- Guinea Bissau troops have reportedly gunned down President João Bernardo Vieira early today, just a few hours after bombing wrecked military base in the capital Bissau killing the army chief of staff, local reports have revealed.
Reports said President Vieira was shot around 5 am today as he tried to flee his presidential palace after the army accused him of plotting the explosion that took the life of General Tagme Na Waie.
General Tagme Na Waie died when a bomb detonated in his office on Sunday with five other high-ranking military officials reported to be wounded, two of them critically according to local news reports.
"The army killed the president Vieira when he tried to escape from his house, and attacked by a group of soldiers early this morning (Monday)," said the military officer responsible for Foreign Affairs, Zamura Induta.
The official said President Vieira was responsible for death of general Na Waie, accusing the President of blocking development, saying his death would be a fresh start for the country.
Last November, a military group carried out a night attack on the residence of President Vieira, causing two deaths among his guards.
President Vieira has recently ordered a recruitment of a 400-strong personal bodyguard that was accused of opening fire on the army commander in January, sparking tension between his government and security and the national troops.
General Na Waie's predecessor was also assassinated in October 2004 by soldiers.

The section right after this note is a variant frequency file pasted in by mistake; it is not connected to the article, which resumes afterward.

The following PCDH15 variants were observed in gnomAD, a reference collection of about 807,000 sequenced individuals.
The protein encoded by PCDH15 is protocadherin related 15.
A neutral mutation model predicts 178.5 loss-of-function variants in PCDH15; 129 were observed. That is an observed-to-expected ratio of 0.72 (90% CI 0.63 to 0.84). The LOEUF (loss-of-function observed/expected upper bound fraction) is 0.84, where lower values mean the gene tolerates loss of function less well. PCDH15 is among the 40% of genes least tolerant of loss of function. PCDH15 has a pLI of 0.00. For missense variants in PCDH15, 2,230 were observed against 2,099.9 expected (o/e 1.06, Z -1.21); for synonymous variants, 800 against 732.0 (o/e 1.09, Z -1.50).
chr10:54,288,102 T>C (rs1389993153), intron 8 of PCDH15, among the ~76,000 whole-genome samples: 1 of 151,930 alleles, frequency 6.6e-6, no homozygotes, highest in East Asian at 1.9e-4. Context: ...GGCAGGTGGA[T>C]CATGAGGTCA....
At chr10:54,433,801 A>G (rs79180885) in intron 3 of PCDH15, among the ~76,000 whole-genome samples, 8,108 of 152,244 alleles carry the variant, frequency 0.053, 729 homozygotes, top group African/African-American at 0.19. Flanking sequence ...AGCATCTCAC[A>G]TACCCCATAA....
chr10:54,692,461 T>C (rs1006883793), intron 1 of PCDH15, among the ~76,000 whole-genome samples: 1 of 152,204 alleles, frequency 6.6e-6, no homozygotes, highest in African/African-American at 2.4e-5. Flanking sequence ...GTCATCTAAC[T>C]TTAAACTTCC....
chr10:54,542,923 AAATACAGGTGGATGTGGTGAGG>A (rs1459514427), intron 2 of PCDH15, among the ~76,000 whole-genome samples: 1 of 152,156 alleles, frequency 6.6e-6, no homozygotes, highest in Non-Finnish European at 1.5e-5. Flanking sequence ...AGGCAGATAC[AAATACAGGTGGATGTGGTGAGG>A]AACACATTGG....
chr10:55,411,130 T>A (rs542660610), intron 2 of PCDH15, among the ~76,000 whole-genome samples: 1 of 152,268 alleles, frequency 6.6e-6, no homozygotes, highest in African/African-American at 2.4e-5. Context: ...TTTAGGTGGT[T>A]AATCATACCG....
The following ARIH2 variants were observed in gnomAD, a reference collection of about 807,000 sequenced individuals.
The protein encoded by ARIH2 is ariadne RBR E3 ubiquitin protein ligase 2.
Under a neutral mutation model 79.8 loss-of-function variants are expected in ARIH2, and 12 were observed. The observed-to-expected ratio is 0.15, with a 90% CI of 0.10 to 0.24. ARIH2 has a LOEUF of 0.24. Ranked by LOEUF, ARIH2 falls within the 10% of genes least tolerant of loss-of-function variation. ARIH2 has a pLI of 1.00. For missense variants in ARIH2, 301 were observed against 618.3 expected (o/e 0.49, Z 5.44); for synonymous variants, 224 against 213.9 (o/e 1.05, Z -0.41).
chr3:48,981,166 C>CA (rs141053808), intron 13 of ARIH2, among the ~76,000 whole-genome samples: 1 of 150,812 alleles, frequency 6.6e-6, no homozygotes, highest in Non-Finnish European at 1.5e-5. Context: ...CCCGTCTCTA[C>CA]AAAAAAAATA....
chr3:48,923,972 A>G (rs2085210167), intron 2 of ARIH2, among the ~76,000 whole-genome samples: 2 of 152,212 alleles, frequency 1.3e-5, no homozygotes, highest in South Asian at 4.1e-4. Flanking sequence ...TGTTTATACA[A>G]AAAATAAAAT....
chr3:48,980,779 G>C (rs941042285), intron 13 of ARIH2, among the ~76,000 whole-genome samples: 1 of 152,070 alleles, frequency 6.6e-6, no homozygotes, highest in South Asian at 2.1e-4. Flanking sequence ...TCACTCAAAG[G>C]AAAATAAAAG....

President Vieira, 69 returned to power in an election in 2005 after an earlier spell as a military ruler in the 1980s and 1990s.
He had played a leading part in the guerrilla war against Portuguese rule that led Portugal ceding power in 1974 and gave the poor African state independence.
Guinea Bissau, an ex-Portuguese colony on the Atlantic coast of Africa, has experienced a decade of civil conflict, including military coups. President Vieira seized power in 1980, before being elected president in the country’s first democratic elections in 1994. He was ousted in a coup in 1999, he was re-elected again in 2005, after pledging to develop the economy.
Guinea Bissau remains one of Africa's poorest countries, with its economy based on export of cashew nuts.
The tiny state has also been wrecked by drug money that has flowed to corrupt officials as smugglers pay bribes to use the country's coastline and remote airstrips for cocaine trans-shipments.
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